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Nine Ways to Approach the Sermon on the Mount

Jesus’ most famous sermon, recorded in Matthew chapters five through seven, is often quoted. However, there is much diversity among its various interpretations. The reasons for this variety are many and complex. Still, I believe that a better grasp of the historical background of the Sermon can help us to sift through the different approaches to its interpretation.

Historically considered, entrance into the kingdom was the key issue confronting the Jewish people during the time of Jesus’ ministry. They knew that righteousness was the primary requirement for coming into God’s presence (Psa. 24:3-6), and they were committed to the practice of righteousness (Matt. 6:1). A pressing question, however, was whether the righteousness that they had acquired by their Jewish traditions and practices was sufficient for entrance into God’s kingdom (Matt. 5:20).

Jesus answers this crucial question in his Sermon with a resounding, “No!” He then explains, “For I say to you, unless your righteousness surpasses that of the Scribes and Pharisees, you shall not enter the kingdom of heaven” (Matt. 5:20).

So where is true righteousness to be found, if not by observing the Jewish law and traditions? By way of answer, Jesus declares in Matthew 6:33, “But seek first His kingdom and His righteousness, and all these things will be added to you.”

Recognizing this historical background of the Sermon and its application to the Jewish listeners of the first century, we can then explore the relevance of the principles of the Sermon and their applicability to believers of every age. The Sermon reveals the holiness of God and may serve as a guide for Christian conduct in this present age.

With this in mind, following is a sampling of nine different ways to approach the Sermon on the Mount that have been set forth by theologians and expositors.

1. Pattern for Christian Life

Augustine (354-430) believed that the Sermon was “a perfect pattern (or standard) for the Christian life,” and that its teachings “perfectly guide . . . those who may be willing to live according to them.” This approach is generally in line with what is likely the most popular interpretation of the Sermon by evangelical Christians, wherein the Sermon contains principles for Christian living, guiding regenerate persons in an unregenerate world. Believers are urged to live out the principles of the Sermon with the help of the Holy Spirit and God’s grace.

 

2. Commands for All Christians

Martin Luther held that the commands of the Sermon were binding upon all Christians. He writes, “The injunctions of the Sermon on the Mount . . . are not counsels but precepts. They are not exhortations addressed to those who aspire perfection, but commands binding upon all Christians.”

 

3. Moral Code for Religious Orders

Thomas Aquinas understood the Sermon to be a moral code for a select few. He held that only the religious orders in the monastery and convent were expected to fully comply with the Sermon on the Mount.

 

4. Blueprint for a New Society

Tolstoy, the Russian novelist and social reformer, took an extremely literal and legalistic interpretation of the Sermon. He viewed it as a blueprint for a new society. For Tolstoy Jesus’ command to “swear not” requires an end to oaths in the law courts and the command to “resist not evil” requires the elimination of the police force.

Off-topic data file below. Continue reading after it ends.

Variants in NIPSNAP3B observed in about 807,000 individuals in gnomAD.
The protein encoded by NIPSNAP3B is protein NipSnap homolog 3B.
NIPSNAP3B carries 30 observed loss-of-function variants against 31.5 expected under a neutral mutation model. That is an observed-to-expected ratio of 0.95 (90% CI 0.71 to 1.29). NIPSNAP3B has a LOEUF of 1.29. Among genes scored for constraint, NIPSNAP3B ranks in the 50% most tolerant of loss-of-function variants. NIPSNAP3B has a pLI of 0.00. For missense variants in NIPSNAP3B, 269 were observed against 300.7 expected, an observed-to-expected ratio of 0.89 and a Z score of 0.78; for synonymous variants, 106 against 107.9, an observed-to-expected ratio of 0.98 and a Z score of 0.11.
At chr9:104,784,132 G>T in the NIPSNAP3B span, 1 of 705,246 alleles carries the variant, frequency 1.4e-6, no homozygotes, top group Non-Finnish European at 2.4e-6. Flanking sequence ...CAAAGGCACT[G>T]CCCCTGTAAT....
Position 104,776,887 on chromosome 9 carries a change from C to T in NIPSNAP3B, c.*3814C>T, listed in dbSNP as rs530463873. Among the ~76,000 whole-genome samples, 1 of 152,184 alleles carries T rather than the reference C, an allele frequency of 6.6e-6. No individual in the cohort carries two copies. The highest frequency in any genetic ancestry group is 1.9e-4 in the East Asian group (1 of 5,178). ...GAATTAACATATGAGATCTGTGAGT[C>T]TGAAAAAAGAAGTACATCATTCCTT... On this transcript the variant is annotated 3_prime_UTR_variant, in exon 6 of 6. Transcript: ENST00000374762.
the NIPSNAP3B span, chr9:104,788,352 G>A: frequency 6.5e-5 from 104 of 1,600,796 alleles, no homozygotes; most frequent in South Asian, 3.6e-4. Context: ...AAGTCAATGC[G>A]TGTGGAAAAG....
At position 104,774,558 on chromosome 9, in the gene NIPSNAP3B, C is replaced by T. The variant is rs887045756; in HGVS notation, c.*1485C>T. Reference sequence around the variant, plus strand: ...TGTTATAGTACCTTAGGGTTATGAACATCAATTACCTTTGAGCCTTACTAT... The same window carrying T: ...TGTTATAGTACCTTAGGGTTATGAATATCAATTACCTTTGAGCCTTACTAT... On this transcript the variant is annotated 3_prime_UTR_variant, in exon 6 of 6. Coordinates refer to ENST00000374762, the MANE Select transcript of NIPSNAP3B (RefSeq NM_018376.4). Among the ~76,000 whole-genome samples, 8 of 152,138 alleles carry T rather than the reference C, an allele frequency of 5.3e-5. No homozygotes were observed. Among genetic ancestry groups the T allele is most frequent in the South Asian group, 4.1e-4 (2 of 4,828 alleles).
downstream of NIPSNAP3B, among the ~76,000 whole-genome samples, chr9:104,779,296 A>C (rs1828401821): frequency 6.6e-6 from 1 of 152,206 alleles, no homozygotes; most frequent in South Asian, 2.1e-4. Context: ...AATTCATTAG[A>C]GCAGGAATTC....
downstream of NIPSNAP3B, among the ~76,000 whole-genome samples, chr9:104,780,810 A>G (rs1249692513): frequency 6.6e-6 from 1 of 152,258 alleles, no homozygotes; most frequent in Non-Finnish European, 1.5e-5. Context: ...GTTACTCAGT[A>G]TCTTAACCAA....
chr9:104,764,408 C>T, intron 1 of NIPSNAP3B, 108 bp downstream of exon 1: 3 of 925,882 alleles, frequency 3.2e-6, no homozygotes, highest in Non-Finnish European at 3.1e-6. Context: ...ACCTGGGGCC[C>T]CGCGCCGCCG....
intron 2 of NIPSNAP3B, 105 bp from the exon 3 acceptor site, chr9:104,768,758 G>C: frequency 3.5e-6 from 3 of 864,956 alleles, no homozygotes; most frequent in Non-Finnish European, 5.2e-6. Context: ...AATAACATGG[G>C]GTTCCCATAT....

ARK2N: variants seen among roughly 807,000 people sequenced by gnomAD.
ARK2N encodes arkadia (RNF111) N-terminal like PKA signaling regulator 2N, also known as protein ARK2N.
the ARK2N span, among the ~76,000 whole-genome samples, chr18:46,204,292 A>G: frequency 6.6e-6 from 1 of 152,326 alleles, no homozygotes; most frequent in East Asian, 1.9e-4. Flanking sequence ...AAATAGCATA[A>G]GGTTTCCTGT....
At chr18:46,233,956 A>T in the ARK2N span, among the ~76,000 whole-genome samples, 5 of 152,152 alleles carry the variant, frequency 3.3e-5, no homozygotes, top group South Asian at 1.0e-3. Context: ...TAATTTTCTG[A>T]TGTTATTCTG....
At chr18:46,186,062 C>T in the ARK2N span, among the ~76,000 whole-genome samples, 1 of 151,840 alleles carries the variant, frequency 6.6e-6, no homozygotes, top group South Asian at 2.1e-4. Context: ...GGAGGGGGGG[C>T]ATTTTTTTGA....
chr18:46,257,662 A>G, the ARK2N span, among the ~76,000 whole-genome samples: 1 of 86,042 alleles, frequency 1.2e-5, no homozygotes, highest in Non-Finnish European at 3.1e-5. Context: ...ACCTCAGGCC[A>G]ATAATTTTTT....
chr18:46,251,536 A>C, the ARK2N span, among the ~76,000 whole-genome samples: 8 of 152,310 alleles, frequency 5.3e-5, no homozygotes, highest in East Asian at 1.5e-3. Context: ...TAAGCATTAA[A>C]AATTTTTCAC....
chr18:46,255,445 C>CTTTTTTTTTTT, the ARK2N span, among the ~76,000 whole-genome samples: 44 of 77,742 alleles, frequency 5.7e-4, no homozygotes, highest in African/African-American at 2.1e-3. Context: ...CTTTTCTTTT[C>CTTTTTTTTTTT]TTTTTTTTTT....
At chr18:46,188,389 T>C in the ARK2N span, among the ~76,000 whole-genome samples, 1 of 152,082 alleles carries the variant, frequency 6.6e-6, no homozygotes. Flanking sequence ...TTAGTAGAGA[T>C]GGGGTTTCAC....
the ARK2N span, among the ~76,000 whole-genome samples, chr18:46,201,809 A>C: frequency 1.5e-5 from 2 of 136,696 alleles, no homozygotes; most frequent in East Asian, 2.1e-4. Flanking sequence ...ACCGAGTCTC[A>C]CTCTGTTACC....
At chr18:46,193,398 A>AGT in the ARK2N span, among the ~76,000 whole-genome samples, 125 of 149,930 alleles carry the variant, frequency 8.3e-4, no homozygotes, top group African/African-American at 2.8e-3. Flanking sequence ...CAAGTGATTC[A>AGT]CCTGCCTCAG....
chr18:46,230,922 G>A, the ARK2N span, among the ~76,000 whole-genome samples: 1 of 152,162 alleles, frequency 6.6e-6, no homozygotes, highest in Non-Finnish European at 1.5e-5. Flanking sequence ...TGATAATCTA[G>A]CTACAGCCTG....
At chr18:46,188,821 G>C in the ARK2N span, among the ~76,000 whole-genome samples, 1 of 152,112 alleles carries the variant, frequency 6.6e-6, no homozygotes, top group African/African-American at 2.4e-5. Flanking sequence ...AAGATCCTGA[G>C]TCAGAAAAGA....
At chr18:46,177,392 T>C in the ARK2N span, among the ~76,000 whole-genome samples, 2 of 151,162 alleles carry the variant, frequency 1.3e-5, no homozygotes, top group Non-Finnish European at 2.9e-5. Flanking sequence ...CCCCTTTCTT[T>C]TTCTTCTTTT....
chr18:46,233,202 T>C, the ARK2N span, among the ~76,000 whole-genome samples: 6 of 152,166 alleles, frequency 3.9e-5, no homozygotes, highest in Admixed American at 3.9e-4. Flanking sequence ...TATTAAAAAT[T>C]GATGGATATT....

5. Impossible Ideal

Gerhard Kittel believed that the precepts of the Sermon could not be fulfilled, and that Jesus recognized this fact. Like the law, it was designed “to bring His hearers to the consciousness that they cannot in their own strength fulfill the demands of God.”

 

6. Interim Ethic

According to Johannes Weiss and Albert Schweitzer, the Sermon presents an ethic valid only for a time of crisis. Jesus’ interim ethic was “an emergency ethic for His disciples’ use during the brief interval between His preaching and the cataclysmic coming of the Kingdom of God.” Accordingly, Jesus’ message in the Sermon was eschatologically conditioned upon the nearness of salvation and the danger of forfeiting it. The imminence of the coming age forced Jesus to present exceptional regulations which could have validity only in periods of crisis. The words of Jesus are to be understood only in the context that the things of this world have lost all value since the present age is coming to an end. As such, the Sermon has no application to the 21st century.

 

7. Ethic of Intention

According to Johannes Muller, the Sermon gives “direction” rather than “directions.” It is not intended to be interpreted as a new yoke of law. Rather, Jesus was suggesting the attitudes and inward disposition that ought to characterize His followers.

8. Eschatological Ethic

Some dispensationalists believe that the Sermon cannot be fulfilled in this present age, but will be possible to live when God concludes history and ushers in His Millennial Kingdom. As such, the Sermon is not applicable to contemporary society.

 

9. Conditions for Entrance into the Kingdom

Dwight Pentecost argues that the Sermon is connected with the offer of the kingdom. Rather than describing the characteristics of the future Millennial Kingdom, the Sermon sets forth the high requirements which must be met in order to enter that kingdom (see Matt. 5:20; 7:13, 21).

About J. Carl Laney

J. Carl Laney teaches Biblical Literature at Western Seminary and is an instructor for Western's Israel Study Program. Carl has authored numerous books, including most recently, “Discipleship: Training from the Master Disciple Maker” (2018).